Over 30,000 Mississippians get stories like this delivered to their inboxes for free.
Sign up for The Today, our daily newsletter, and continue to read this story.
Cindy Hyde-Smith qualified to run for a full six-year term in the United States Senate Friday with a show of force at the state Republican Party headquarters.
“I am so delighted to serve alongside Cindy Hyde-Smith,” said Mississippi’s senior U.S. Sen. Roger Wicker of Tupelo, who introduced the multiple state officials at the event ranging from most of Mississippi’s statewide elected officials to former Gov. Haley Barbour. Speaking of Hyde-Smith, Wicker said, “We are teammates.”
The two most notable Republicans not at the event were outgoing Gov. Phil Bryant and Gov.-elect Tate Reeves, who is the current lieutenant governor. Wicker said Bryant, had taken his family “on a quick little trip out of state for a long weekend.” But Wicker read a statement from Bryant saying, “I am extremely grateful Sen. Cindy Hyde-Smith has chosen to seek re-election. She has become a driving force for her beloved state of Mississippi and a leader that is respected and appreciated by all who know her, including one of her strongest supporters President Donald J. Trump. Her conservative values are reflective of her Christian principles and rural upbringing. ‘Take that, you city folks’ In short, she is one of us for all of us. I intend to work with all my determination to help re-elect Mississippi’s first woman to serve in Congress and my friend, Sen. Cindy Hyde-Smith.”
Hyde-Smith, who was appointed to the post in April 2018 by Bryant when then-Sen. Thad Cochran stepped down for health reasons, faced Republican opposition from Republican state Sen. Chris McDaniel in a special election to finish Cochran’s term. On Friday, the state’s Republican establishment sent a clear message they would be behind Hyde-Smith should someone opt to challenge her in a primary.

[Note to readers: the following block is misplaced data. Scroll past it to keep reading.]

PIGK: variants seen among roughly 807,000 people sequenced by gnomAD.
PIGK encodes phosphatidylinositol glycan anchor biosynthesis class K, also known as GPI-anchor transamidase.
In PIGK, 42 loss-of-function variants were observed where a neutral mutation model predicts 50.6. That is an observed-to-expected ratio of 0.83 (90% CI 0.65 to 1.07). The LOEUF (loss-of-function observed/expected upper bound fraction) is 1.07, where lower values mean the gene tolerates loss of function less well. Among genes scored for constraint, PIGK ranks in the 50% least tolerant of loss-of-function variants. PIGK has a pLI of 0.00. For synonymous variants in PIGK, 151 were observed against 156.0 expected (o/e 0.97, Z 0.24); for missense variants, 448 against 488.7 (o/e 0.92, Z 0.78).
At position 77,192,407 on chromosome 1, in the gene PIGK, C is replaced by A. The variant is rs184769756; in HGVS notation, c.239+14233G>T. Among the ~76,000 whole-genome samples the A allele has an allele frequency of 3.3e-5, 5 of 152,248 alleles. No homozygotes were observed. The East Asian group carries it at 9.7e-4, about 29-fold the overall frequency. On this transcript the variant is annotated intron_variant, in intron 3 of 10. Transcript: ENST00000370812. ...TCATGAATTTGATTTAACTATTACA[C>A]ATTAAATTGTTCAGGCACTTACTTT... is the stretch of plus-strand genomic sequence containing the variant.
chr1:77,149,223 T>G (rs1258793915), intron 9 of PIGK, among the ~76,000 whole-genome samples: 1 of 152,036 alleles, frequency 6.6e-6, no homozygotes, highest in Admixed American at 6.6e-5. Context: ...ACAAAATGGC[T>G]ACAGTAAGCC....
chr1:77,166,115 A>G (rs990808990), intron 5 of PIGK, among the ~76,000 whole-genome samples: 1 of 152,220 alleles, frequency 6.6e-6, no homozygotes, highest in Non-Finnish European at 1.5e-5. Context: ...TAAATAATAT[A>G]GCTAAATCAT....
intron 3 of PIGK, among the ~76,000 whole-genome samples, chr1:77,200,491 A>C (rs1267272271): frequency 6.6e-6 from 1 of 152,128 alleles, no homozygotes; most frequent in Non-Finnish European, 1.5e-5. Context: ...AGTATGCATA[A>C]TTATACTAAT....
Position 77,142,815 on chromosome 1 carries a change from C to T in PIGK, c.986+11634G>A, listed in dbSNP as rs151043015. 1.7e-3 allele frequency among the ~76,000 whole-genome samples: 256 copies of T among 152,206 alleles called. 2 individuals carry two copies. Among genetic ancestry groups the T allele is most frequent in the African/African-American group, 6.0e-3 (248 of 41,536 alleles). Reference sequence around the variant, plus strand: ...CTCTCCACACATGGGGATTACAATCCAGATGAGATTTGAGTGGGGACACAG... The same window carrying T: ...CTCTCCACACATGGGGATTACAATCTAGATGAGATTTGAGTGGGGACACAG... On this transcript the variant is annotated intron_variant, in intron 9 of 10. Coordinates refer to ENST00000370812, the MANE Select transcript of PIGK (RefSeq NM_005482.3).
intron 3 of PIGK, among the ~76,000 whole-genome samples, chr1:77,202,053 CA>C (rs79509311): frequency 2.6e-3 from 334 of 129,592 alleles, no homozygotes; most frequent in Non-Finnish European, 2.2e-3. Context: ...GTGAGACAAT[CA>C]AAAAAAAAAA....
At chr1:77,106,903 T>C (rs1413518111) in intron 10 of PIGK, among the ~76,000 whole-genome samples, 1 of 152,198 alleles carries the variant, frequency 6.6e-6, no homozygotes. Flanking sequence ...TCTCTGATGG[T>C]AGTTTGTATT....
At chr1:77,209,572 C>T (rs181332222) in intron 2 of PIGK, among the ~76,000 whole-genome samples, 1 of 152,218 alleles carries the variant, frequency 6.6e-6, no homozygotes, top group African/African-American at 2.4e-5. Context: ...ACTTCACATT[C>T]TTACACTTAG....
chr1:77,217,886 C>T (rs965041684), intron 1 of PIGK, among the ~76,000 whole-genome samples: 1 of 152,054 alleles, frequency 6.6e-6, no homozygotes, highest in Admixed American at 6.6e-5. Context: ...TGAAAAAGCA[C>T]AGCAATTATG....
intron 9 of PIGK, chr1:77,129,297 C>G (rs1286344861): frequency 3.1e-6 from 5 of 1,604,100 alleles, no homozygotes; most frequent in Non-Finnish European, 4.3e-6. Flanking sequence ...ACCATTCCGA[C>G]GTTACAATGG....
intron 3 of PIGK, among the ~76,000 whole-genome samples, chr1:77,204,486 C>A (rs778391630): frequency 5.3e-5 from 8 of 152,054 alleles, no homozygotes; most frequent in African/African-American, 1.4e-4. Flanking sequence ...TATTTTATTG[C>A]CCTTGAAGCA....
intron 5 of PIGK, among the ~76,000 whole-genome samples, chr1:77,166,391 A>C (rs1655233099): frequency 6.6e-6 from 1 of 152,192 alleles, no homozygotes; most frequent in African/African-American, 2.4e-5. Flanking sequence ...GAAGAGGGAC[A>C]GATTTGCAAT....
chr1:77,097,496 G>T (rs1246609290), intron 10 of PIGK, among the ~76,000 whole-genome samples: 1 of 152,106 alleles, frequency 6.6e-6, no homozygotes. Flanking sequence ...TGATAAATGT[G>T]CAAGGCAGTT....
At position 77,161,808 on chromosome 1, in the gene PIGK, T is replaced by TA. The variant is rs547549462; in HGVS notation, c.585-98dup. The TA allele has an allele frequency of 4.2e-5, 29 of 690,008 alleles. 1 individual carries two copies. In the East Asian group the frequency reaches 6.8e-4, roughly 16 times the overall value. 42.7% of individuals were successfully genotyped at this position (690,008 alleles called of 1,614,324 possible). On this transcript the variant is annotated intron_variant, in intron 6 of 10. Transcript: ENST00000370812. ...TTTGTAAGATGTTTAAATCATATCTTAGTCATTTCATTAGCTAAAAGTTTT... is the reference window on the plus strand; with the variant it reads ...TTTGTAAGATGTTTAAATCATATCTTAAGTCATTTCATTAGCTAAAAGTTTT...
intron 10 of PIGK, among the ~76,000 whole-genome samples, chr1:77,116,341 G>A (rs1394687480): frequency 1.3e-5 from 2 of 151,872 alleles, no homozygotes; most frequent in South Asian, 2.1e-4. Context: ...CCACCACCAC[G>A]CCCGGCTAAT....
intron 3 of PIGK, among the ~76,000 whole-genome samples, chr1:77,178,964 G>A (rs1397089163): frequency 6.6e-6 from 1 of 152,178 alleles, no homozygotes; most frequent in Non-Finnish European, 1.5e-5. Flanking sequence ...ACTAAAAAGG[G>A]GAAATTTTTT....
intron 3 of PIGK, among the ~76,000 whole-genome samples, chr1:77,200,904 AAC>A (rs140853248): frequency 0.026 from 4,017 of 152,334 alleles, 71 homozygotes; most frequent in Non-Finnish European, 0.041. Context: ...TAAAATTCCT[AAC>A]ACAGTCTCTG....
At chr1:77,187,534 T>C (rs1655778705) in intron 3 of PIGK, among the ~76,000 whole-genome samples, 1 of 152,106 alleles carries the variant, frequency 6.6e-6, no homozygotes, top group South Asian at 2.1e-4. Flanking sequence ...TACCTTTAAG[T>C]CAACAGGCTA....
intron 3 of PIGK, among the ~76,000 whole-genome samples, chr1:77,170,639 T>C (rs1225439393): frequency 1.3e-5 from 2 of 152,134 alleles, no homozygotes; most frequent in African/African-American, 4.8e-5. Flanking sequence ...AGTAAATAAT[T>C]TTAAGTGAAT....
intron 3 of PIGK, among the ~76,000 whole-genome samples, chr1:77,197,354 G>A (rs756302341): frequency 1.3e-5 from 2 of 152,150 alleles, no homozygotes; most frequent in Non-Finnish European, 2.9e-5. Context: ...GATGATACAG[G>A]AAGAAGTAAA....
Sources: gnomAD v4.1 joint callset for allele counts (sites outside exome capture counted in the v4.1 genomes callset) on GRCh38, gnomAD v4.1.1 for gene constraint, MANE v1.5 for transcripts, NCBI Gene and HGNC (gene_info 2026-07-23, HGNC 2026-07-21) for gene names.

“I think you can tell I am ready for this campaign,” she said.
Democrat Mike Espy, the state’s first African American U.S. House member since Reconstruction, who lost to Hyde-Smith in the 2018 special election, already has announced he will challenge Hyde-Smith again in 2020 for the full six-year term. But as of Friday afternoon, Espy, a Jackson attorney, had not officially qualified to run for the office, though, he has been active in social media preparing for the run.
Candidates have until Jan. 10 to qualify to run for the Senate or for the four congressional seats. The party primary will be March 10 with the regular election set for November.
Both Wicker and Hyde-Smith touted the number of federal judges nominated by President Trump and confirmed by the Republican-controlled Senate as key accomplishments of recent years. She said the conservative judges would have an influence for the next two generations. They also touted the strong economy. Hyde-Smith highlighted her working relationship with the president.
In the 2018 special election, at times Hyde-Smith, a former state senator and commissioner of agriculture, was viewed as timid on the campaign trail.
But on Friday, Hyde-Smith gave a fiery speech highlighting many of the same issues as the president, such as building a border wall with Mexico and protecting gun rights. She referenced the fact that she entered the motion to prevent a vote on the Senate floor on a bill that would have expanded background checks before purchasing a gun. She said her efforts infuriated liberals. Hyde-Smith received national media attention because she was making the motion as news of a mass shooting was unfolding in California.
Still, Hyde-Smith said the post and the criticism involved with serving in the U.S. Senate can be difficult.
“This is not an easy task,” she said. “As I have said many times it is a J-O-B, but I am ready for a J-O-B.”